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Is anyone in Wichita set up to chop 223 brass to make 300 Blackout?

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  • Is anyone in Wichita set up to chop 223 brass to make 300 Blackout?

    If you are, would you consider letting me chop 101 pieces of 243 to convert to 6.5 Creedmoor?
    NRA Life Member
    Rest in Peace, Joseph Wilcox

  • #2
    I don't live in ICT, but I do have little Harbor freight chop saw that I use to make 223/556 into 300blk.

    Do you just want the shoulders cut off so you can resize, form and trim to length or are you looking for some sort of jig that is made specifically for 6.5Cm?

    If you just want it cut to a specific length, you can send it to me and I can do that. I can also find the taper angle of 243, make a little v-block with said taper and cut it as square as possible. It might take me a little time to machine the v-block for that taper but I'd be happy to do it if you have no other options. Then I'd have a good V-block for me to do my own after that, since I also shoot 6.5CM and happen to reload.
    Last edited by fixxer; 10-08-2019, 14:08.
    For the Angel of Death spread his wings on the blast,
    And breathed in the face of the foe as he passed;
    And the eyes of the sleepers waxed deadly and chill,
    And their hearts but once heaved, and for ever grew still!
    -Lord Byron (=5 lines)

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    • #3
      Gracious offer Fixxer, thank you.
      I used a band saw, and got it done. 99 out of the 101 pieces were all within .015" of each other. 2 were shorter than I wanted, but I think after forming, and final trim, on proper trimming equipment, they will be okay.
      This project went better than i thought it would!
      NRA Life Member
      Rest in Peace, Joseph Wilcox

      Comment


      • #4
        Cut short, size to correct size and do a new neck. Neck reaming before sizing seems like a good idea because the neck walls will bet thick.
        Swage or ream primer pockets. A file-trim die seems like a good toll rather than using a conventional trimming lathe.
        Be sure to properly lube the cases for forming. Then wash and tumble before priming.

        The people think the Constitution protects their rights; But government sees it as an obstacle to be overcome.
        If your religion says suicide and murder are wrong; Aren't you doing both if you are not prepared to defend your life and the lives of others?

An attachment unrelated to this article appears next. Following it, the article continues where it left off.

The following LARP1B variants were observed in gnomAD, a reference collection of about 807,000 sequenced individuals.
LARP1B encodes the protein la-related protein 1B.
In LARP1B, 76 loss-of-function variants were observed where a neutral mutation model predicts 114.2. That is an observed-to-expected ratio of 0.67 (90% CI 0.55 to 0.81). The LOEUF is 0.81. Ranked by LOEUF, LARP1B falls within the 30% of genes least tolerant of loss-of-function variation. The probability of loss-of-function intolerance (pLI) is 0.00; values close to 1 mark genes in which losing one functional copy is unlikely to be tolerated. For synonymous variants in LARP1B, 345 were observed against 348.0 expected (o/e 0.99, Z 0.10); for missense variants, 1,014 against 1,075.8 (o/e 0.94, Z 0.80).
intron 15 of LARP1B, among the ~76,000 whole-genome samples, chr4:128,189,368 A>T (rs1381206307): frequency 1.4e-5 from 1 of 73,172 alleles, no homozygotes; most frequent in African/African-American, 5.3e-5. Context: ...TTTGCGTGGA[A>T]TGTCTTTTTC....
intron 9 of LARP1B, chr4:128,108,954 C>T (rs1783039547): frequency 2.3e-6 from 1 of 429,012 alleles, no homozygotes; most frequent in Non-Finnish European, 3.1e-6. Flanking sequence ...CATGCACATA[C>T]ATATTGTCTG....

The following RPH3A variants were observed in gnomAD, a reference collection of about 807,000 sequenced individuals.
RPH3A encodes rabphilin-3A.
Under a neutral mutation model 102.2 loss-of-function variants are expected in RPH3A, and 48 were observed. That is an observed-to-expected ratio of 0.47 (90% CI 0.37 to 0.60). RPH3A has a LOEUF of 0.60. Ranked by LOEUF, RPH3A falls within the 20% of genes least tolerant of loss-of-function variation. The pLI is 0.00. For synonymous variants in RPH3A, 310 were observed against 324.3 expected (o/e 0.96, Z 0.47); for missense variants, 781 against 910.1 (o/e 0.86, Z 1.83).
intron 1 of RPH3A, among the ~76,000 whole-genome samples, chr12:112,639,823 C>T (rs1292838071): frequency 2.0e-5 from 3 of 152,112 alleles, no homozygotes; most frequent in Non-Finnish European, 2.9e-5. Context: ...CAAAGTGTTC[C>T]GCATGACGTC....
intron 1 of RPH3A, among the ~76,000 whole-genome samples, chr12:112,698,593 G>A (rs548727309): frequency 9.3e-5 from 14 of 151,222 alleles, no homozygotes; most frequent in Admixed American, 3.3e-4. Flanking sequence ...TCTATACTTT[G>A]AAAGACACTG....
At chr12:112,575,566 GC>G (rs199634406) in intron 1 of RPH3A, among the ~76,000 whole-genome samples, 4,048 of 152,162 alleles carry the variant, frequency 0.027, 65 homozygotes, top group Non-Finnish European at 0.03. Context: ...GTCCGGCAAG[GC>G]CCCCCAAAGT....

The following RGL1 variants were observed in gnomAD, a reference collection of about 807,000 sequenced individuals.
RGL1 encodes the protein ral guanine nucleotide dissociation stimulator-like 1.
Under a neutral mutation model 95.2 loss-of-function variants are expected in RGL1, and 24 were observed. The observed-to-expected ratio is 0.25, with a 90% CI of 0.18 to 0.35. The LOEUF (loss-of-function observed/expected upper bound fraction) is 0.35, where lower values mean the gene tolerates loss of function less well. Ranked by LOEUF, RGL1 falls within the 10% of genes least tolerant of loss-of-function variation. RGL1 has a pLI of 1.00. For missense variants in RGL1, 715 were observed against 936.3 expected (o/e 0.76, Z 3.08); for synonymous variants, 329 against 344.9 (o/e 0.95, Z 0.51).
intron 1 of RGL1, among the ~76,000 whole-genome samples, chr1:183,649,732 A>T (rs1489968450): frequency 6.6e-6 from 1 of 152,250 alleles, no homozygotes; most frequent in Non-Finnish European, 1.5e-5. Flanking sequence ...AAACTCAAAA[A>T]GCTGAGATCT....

I am not a lawyer, but I have personal opinions.

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        • #5
          Should I weigh the powder when I load them?
          NRA Life Member
          Rest in Peace, Joseph Wilcox

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          • #6
            Originally posted by Bat Rastard View Post
            Should I weigh the powder when I load them?
            If you use 4831 or 4350.
            If you talcum powder???

            Seriously, yes.

            NOTE:
            Some answers seem condescending because it must be assumed that some reader won't know the details of the basic.
            The people think the Constitution protects their rights; But government sees it as an obstacle to be overcome.
            If your religion says suicide and murder are wrong; Aren't you doing both if you are not prepared to defend your life and the lives of others?
            I am not a lawyer, but I have personal opinions.

            Comment


            • #7
              Originally posted by Bat Rastard View Post
              Gracious offer Fixxer, thank you.
              I used a band saw, and got it done. 99 out of the 101 pieces were all within .015" of each other. 2 were shorter than I wanted, but I think after forming, and final trim, on proper trimming equipment, they will be okay.
              This project went better than i thought it would!
              Good deal.
              FWIW, I pullled the SAMMI specs of the 243, figured out the taper by the ol" subraction and rise over run. It come up to something really low like .09 degrees. Once you divide that in half again for registering the piece on one side; it's not even worth the effort... .0045 degrees. LOL Why bother?

              Cool thing about bandsaws is that they have enough teeth to avoid loading up with brass, unlike abrasion cutters. I have to dress the edge often with the little mini-chop saw I use when making 300blk. I have a porta-ban that I'm fabricating a quick release mini-table attachment for this reason. You can't say enough about bandsaws. They're just awesome to have in general.
              For the Angel of Death spread his wings on the blast,
              And breathed in the face of the foe as he passed;
              And the eyes of the sleepers waxed deadly and chill,
              And their hearts but once heaved, and for ever grew still!
              -Lord Byron (=5 lines)

              Comment

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